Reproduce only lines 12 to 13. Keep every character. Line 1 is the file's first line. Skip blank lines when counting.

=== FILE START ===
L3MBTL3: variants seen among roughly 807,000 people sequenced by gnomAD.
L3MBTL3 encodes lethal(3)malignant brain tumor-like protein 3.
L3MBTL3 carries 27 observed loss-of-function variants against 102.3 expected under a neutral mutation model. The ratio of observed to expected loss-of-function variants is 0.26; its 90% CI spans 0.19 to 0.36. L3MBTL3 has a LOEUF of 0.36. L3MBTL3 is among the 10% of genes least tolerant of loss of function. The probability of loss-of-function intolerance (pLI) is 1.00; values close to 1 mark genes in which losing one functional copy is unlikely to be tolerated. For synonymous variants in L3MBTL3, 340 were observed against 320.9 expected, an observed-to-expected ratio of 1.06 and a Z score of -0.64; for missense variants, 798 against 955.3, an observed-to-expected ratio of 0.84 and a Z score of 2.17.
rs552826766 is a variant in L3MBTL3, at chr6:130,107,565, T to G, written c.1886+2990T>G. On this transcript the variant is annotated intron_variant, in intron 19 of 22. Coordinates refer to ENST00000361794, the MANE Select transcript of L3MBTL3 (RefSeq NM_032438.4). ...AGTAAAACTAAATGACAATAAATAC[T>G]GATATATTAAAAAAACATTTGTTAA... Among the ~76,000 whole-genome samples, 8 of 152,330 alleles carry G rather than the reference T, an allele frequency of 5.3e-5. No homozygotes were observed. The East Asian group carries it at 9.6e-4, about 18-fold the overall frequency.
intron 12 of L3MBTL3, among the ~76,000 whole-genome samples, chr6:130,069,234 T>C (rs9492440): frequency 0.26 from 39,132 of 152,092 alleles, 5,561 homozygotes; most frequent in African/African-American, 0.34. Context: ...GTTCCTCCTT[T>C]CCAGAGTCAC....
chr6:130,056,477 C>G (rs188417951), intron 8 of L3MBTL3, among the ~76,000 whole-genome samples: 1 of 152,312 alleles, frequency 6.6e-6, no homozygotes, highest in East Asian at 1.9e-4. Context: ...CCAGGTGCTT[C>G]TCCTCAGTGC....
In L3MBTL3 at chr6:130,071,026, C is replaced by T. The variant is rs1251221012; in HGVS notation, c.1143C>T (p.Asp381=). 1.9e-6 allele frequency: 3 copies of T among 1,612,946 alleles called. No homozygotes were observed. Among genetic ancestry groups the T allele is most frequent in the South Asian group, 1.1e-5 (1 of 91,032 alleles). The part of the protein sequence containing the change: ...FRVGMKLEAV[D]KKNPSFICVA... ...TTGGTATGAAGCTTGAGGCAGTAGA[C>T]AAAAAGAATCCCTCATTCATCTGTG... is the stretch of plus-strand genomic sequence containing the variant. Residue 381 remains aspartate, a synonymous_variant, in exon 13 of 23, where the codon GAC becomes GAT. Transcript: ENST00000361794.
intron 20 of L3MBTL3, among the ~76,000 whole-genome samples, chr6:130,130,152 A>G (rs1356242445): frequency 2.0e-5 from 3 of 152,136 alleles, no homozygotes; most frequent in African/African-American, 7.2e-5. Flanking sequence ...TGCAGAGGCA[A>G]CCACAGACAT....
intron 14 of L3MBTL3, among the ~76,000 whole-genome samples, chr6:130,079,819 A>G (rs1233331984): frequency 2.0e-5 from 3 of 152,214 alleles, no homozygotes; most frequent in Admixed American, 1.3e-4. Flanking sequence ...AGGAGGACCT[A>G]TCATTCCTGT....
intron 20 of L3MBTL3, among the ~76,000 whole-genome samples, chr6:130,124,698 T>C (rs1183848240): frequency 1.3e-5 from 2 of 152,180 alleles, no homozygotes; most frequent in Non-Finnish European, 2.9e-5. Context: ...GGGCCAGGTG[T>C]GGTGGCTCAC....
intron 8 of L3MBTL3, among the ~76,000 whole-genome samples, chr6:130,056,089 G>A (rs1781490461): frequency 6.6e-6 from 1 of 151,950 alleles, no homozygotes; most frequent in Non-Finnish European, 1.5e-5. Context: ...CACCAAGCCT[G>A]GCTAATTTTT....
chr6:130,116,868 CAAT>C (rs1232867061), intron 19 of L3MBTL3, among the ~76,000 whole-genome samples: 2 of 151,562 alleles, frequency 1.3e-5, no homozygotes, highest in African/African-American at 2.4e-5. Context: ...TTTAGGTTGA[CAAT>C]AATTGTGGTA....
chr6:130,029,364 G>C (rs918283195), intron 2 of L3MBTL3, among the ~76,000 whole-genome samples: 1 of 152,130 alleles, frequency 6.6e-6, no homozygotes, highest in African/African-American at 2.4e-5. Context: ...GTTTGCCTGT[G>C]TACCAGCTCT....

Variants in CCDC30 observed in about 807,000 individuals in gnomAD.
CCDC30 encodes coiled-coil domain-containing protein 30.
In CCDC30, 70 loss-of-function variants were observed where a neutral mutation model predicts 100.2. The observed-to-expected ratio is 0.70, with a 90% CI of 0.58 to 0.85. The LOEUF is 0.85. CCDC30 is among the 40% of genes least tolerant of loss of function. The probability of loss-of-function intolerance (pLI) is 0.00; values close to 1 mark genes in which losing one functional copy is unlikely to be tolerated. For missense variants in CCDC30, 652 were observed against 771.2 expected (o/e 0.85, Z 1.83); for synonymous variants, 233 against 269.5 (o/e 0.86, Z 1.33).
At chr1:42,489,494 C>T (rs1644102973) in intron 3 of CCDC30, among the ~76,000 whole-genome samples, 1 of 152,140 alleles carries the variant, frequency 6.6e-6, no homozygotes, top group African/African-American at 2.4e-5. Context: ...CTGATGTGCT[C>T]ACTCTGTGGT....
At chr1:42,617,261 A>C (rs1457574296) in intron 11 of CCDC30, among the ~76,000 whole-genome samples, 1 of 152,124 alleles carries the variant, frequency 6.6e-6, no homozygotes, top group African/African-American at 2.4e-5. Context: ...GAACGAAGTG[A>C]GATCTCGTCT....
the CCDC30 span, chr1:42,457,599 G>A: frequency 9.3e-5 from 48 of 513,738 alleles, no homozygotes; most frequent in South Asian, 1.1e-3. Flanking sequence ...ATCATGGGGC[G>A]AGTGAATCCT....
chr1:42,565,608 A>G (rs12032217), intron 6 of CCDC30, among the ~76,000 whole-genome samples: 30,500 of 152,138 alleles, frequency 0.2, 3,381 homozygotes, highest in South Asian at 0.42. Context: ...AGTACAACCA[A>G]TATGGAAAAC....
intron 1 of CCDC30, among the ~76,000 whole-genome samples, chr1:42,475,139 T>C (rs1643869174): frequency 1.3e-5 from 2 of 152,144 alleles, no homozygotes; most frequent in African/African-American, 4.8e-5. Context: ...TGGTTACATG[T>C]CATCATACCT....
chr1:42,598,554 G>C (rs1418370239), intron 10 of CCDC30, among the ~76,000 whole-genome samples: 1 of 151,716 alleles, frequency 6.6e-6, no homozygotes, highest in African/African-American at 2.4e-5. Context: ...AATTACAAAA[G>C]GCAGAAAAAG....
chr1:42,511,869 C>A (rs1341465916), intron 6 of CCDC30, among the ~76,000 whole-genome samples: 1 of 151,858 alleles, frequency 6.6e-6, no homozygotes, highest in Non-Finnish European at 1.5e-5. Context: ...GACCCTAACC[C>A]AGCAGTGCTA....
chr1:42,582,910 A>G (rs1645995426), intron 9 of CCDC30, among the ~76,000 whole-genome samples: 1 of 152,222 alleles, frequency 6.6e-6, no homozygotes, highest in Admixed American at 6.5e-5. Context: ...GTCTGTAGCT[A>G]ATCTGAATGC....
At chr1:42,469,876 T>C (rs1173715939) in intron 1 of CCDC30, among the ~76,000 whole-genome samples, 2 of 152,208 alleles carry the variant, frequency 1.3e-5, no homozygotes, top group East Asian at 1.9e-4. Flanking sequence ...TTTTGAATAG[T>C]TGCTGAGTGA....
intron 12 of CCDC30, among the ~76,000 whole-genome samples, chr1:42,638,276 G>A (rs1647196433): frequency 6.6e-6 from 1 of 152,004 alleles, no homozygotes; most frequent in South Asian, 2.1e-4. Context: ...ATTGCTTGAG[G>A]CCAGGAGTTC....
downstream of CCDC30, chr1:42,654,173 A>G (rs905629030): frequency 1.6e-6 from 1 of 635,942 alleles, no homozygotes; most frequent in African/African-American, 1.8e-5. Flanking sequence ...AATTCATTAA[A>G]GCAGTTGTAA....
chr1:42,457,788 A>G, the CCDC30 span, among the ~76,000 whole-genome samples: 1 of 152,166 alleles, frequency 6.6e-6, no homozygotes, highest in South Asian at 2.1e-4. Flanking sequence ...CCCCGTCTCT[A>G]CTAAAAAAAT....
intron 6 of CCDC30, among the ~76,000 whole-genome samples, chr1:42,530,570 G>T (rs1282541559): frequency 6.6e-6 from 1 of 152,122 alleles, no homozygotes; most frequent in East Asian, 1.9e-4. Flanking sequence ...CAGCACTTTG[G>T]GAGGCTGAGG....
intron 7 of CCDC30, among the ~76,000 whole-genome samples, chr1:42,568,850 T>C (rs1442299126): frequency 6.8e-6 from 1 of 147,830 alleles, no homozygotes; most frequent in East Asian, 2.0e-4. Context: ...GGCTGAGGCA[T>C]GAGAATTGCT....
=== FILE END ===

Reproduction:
chr6:130,116,868 CAAT>C (rs1232867061), intron 19 of L3MBTL3, among the ~76,000 whole-genome samples: 2 of 151,562 alleles, frequency 1.3e-5, no homozygotes, highest in African/African-American at 2.4e-5. Context: ...TTTAGGTTGA[CAAT>C]AATTGTGGTA....
chr6:130,029,364 G>C (rs918283195), intron 2 of L3MBTL3, among the ~76,000 whole-genome samples: 1 of 152,130 alleles, frequency 6.6e-6, no homozygotes, highest in African/African-American at 2.4e-5. Context: ...GTTTGCCTGT[G>C]TACCAGCTCT....